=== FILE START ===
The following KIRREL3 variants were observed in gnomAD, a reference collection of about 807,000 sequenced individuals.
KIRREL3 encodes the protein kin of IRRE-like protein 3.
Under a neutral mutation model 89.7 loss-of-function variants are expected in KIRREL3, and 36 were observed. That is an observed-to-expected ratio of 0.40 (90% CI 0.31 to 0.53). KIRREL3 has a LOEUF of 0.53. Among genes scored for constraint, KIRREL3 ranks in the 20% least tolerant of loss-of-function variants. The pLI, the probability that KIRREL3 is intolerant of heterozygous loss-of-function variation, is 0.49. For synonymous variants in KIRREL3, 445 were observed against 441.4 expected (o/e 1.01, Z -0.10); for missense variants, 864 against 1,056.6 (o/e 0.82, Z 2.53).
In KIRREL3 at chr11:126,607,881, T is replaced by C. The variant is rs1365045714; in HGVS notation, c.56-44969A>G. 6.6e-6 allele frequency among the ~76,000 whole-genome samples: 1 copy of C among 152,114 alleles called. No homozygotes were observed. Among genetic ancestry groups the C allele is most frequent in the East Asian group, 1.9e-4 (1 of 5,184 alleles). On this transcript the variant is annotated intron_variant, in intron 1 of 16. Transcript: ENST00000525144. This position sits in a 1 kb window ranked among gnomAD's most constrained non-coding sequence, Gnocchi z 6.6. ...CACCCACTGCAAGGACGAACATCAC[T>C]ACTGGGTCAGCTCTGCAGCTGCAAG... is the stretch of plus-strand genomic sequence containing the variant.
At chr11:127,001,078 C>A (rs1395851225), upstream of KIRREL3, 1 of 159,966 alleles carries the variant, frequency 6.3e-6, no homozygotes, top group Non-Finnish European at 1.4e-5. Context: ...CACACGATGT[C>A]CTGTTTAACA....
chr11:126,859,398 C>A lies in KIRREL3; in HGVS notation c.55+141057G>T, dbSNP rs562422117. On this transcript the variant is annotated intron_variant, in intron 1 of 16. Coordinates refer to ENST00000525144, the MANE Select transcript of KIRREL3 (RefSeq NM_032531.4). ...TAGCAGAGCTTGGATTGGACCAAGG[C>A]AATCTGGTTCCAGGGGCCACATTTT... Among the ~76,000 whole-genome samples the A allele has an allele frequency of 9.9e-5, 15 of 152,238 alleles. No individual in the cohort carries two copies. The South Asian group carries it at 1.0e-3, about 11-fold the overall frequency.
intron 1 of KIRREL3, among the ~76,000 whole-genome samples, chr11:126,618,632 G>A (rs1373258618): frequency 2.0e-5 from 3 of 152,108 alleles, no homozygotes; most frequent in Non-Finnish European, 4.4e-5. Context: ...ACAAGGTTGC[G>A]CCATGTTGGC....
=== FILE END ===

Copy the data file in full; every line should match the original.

The following KIRREL3 variants were observed in gnomAD, a reference collection of about 807,000 sequenced individuals.
KIRREL3 encodes the protein kin of IRRE-like protein 3.
Under a neutral mutation model 89.7 loss-of-function variants are expected in KIRREL3, and 36 were observed. That is an observed-to-expected ratio of 0.40 (90% CI 0.31 to 0.53). KIRREL3 has a LOEUF of 0.53. Among genes scored for constraint, KIRREL3 ranks in the 20% least tolerant of loss-of-function variants. The pLI, the probability that KIRREL3 is intolerant of heterozygous loss-of-function variation, is 0.49. For synonymous variants in KIRREL3, 445 were observed against 441.4 expected (o/e 1.01, Z -0.10); for missense variants, 864 against 1,056.6 (o/e 0.82, Z 2.53).
In KIRREL3 at chr11:126,607,881, T is replaced by C. The variant is rs1365045714; in HGVS notation, c.56-44969A>G. 6.6e-6 allele frequency among the ~76,000 whole-genome samples: 1 copy of C among 152,114 alleles called. No homozygotes were observed. Among genetic ancestry groups the C allele is most frequent in the East Asian group, 1.9e-4 (1 of 5,184 alleles). On this transcript the variant is annotated intron_variant, in intron 1 of 16. Transcript: ENST00000525144. This position sits in a 1 kb window ranked among gnomAD's most constrained non-coding sequence, Gnocchi z 6.6. ...CACCCACTGCAAGGACGAACATCAC[T>C]ACTGGGTCAGCTCTGCAGCTGCAAG... is the stretch of plus-strand genomic sequence containing the variant.
At chr11:127,001,078 C>A (rs1395851225), upstream of KIRREL3, 1 of 159,966 alleles carries the variant, frequency 6.3e-6, no homozygotes, top group Non-Finnish European at 1.4e-5. Context: ...CACACGATGT[C>A]CTGTTTAACA....
chr11:126,859,398 C>A lies in KIRREL3; in HGVS notation c.55+141057G>T, dbSNP rs562422117. On this transcript the variant is annotated intron_variant, in intron 1 of 16. Coordinates refer to ENST00000525144, the MANE Select transcript of KIRREL3 (RefSeq NM_032531.4). ...TAGCAGAGCTTGGATTGGACCAAGG[C>A]AATCTGGTTCCAGGGGCCACATTTT... Among the ~76,000 whole-genome samples the A allele has an allele frequency of 9.9e-5, 15 of 152,238 alleles. No individual in the cohort carries two copies. The South Asian group carries it at 1.0e-3, about 11-fold the overall frequency.
intron 1 of KIRREL3, among the ~76,000 whole-genome samples, chr11:126,618,632 G>A (rs1373258618): frequency 2.0e-5 from 3 of 152,108 alleles, no homozygotes; most frequent in Non-Finnish European, 4.4e-5. Context: ...ACAAGGTTGC[G>A]CCATGTTGGC....